Dissension in the Ranks: The Problem of Fake Employee Injuries

by Chris Martin on December 8, 2014

Trust is a key component of building a prosperous business. It’s vital to develop trust between business owners and their vendors, suppliers, communities, and customers. But arguably the most important area of trust is between the business owner and his or her employees, since it usually takes a team effort to achieve success.

Which is why it can be so disheartening when it is revealed that a worker has breached the trust of his or her employer.

Workers Compensation Fraud

There are a number of different types of fraud for which a business owner must be watchful. From vendors padding invoices and motorists staging collisions with company vehicles to customers fabricating slip-and-fall accidents, plenty of shady characters are always looking for a way to swindle a business owner out of his or her money. But another all-too common type of fraud occurs when employees fake on-the-job injuries in order to obtain insurance monies or workers’ compensation payments.

Floor mats

This is what happens to money that gets paid out to employees who fake on-the-job injuries.

How it Happens

Here are some of the types of fake injury scams that employees have attempted in the past in order to obtain worker’s compensation payment and/or paid time off from work:

  • A person gets hurt outside of work hours, but lies by saying that he or she received the injury while on the job.
  • A person sustains a very minor injury at work, but exaggerates the extent of the damage to his or her body.
  • A person has a recurring injury which has been present for years, but tries to claim that it was caused while at work.
  • A person suffers an on-the-job injury and stays home well after he or she has recovered enough to return to work.
  • A person simply fabricates an injury and claims that he hurt himself/herself while at work.
Floor mats

Did she really fall? Or is she faking it?

Partners in Crime

In some cases, these fake workplace injury scams are aided by outside individuals who often take a cut of the ill-gotten monies. For example, medical care professionals may inflate the seriousness of an injury or make up other injuries sustained by a patient. Then they’ll bill insurance companies for unnecessary or phony treatment. There are even some lawyers who file bogus lawsuits against businesses and their insurers with the hopes of earning a quick “no questions asked” settlement.

Fake Employee Injury Case Study

One recent case in New Jersey illustrates how someone can try to bilk businesses and insurance companies. Earlier this month, Vinny Curbelo was indicted on numerous charges including insurance fraud, health care claims fraud, and theft by deception. Curbelo is accused of lying down next to a patch of ice in the parking lot of the car dealership where he worked in 2011, and then claiming he fell and injured his back. In reality, he had hurt his back four years ago while unemployed. Before his scam was discovered, he had collected over $55,000 in disability payments from the dealership’s insurer, and had received medical treatment valued at more than $527,000. In addition, Curbelo took another job at an auto body shop while collecting these benefits. He could receive between five and ten years in prison for his crimes.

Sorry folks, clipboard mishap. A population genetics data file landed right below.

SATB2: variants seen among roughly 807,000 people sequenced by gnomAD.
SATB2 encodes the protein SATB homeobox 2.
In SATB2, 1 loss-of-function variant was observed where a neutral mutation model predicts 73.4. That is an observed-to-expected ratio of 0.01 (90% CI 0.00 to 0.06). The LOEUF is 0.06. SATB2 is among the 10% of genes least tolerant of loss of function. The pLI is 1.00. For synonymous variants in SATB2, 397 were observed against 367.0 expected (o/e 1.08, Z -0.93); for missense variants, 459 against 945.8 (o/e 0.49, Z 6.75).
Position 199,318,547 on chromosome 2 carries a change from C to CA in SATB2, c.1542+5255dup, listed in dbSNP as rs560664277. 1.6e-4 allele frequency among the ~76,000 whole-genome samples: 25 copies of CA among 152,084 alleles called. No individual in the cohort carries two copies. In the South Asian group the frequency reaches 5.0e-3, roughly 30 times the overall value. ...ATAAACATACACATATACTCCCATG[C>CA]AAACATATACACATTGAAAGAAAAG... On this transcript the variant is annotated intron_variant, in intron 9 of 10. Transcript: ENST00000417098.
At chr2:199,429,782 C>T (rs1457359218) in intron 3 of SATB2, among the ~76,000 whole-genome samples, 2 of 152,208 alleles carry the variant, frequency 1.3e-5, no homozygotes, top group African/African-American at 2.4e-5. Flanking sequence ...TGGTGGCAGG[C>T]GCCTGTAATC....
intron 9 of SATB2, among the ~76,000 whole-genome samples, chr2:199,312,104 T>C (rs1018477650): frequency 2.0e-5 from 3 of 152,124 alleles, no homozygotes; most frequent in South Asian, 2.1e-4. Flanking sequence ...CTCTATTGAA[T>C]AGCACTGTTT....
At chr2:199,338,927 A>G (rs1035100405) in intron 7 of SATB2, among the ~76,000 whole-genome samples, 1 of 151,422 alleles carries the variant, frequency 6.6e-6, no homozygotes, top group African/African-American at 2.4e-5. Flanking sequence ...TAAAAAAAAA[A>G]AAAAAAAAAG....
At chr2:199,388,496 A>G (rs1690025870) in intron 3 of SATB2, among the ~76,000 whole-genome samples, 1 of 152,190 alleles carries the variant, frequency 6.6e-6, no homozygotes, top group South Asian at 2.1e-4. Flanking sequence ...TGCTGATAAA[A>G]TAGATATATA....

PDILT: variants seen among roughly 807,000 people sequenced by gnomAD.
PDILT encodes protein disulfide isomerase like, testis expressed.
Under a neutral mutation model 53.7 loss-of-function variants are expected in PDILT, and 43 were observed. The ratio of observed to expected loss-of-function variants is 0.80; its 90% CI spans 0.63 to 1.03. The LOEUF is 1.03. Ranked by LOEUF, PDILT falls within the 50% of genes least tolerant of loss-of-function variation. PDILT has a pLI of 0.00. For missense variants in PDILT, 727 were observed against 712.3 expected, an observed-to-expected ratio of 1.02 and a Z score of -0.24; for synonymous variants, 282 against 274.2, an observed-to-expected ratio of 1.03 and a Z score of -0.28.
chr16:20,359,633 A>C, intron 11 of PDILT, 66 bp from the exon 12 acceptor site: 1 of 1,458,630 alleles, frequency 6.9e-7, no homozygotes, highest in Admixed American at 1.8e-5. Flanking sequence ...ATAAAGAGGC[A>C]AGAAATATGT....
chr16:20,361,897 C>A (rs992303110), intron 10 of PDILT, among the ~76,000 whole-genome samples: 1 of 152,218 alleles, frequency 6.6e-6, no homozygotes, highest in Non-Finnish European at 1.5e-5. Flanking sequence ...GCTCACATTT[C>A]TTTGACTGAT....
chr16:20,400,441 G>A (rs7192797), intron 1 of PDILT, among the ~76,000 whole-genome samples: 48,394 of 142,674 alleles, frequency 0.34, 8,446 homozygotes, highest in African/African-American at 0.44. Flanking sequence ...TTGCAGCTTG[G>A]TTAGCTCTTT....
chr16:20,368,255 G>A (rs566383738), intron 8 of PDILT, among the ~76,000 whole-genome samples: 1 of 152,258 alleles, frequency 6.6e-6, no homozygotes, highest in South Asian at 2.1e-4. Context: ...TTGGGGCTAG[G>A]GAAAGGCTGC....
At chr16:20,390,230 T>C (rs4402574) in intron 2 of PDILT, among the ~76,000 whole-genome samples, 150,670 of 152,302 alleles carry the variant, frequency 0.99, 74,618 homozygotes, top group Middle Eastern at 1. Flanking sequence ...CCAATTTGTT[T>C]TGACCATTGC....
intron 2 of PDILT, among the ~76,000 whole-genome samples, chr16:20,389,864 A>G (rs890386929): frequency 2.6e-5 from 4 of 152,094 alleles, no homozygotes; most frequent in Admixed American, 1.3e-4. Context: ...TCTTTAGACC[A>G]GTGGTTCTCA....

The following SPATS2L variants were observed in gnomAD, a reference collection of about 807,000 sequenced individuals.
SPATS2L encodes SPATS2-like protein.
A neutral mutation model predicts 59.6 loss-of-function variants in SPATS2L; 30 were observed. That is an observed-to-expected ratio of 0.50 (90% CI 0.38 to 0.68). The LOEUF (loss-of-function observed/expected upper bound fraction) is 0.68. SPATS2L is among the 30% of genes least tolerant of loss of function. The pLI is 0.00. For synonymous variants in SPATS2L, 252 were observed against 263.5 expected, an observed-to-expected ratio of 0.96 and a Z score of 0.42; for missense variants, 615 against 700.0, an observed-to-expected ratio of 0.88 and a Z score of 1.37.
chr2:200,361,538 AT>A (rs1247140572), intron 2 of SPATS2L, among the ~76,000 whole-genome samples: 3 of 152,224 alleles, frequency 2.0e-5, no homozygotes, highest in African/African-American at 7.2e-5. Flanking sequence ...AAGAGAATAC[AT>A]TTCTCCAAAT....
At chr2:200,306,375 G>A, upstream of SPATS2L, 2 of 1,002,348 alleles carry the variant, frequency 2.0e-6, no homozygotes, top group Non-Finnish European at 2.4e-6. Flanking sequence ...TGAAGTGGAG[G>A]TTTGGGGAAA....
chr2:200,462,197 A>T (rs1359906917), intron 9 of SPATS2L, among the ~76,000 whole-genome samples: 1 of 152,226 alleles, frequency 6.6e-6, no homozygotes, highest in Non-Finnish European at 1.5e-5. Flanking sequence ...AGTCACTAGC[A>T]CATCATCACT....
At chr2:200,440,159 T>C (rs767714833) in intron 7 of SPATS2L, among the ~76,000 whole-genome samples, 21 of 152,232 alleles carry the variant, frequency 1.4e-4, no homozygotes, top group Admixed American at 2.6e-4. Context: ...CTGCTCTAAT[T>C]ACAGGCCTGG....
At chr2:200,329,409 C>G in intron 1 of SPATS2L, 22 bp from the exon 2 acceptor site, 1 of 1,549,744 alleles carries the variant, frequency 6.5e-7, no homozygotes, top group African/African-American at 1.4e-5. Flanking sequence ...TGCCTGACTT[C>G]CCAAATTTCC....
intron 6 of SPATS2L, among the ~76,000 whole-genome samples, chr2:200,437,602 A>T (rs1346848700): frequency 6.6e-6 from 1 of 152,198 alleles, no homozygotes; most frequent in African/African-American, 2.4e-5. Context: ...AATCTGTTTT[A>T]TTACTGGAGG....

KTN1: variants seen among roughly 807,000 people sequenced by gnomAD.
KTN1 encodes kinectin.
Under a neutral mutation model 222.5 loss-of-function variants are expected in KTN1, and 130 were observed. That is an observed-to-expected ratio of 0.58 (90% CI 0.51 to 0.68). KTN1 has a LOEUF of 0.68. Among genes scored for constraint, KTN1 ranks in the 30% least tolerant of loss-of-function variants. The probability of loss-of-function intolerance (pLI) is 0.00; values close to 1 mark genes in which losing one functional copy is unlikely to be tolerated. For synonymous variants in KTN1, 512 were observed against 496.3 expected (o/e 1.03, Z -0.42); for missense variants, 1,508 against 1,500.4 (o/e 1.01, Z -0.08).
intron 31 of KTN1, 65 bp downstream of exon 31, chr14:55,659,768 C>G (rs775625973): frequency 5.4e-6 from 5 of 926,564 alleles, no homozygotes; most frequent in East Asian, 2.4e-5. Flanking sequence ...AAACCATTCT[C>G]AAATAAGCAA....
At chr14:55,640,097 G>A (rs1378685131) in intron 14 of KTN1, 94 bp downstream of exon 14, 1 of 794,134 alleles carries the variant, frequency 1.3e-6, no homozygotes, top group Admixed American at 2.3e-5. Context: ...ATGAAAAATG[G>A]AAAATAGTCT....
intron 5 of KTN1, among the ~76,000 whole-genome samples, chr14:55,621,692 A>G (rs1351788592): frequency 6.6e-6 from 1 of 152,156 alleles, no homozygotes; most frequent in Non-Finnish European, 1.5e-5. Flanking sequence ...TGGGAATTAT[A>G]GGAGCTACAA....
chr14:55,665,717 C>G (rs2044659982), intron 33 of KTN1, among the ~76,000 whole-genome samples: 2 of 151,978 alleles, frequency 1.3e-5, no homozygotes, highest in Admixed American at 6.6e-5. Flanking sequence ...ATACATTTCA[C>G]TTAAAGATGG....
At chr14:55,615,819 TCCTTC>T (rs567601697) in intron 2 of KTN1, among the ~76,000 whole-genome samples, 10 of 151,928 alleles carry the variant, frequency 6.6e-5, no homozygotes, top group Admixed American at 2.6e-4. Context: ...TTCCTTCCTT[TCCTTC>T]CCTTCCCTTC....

How to Combat Fake Employee Injuries

So what can a business owner do to protect his or her company from being victimized by this type of fraud? Here are some suggestions:

  1. Do whatever you can to make your workplace as safe as possible, including placing floor mats in moisture-prone areas, instituting safety protocols around heavy machinery, and making workers wear protective goggles, hard hats, or other equipment when appropriate.
  2. Carefully screen all job applicants for evidence of past fraudulent activities.
  3. Stress the importance of combating workers’ compensation fraud to all of your employees.
  4. Institute a zero-tolerance policy for this type of fraud – and mete out stiff consequences if it ever does occur.
  5. Instruct your employees on precisely what to do if they see or suspect workers’ compensation fraud.
  6. Provide rewards or incentives for employees who bring this type of fraud to your attention.
  7. Report all on-the-job accident claims to your insurer immediately.
  8. Alert your insurance companies about any workers compensation claims that you feel are suspicious – even if you don’t have any direct evidence of fraud.
Floor mats

This is what needs to happen to individuals who participate in fake injury scams.

Fake employee injury scams have wide-ranging consequences. These claims lead to higher insurance premiums for businesses, which in turn raise company expenses. Sometimes, business owners have to raise prices and/or reduce staff in order to cover the increased costs. That’s why it’s essential that business owners keep their eyes open for signs of workers’ compensation fraud.

Written by Chris Martin

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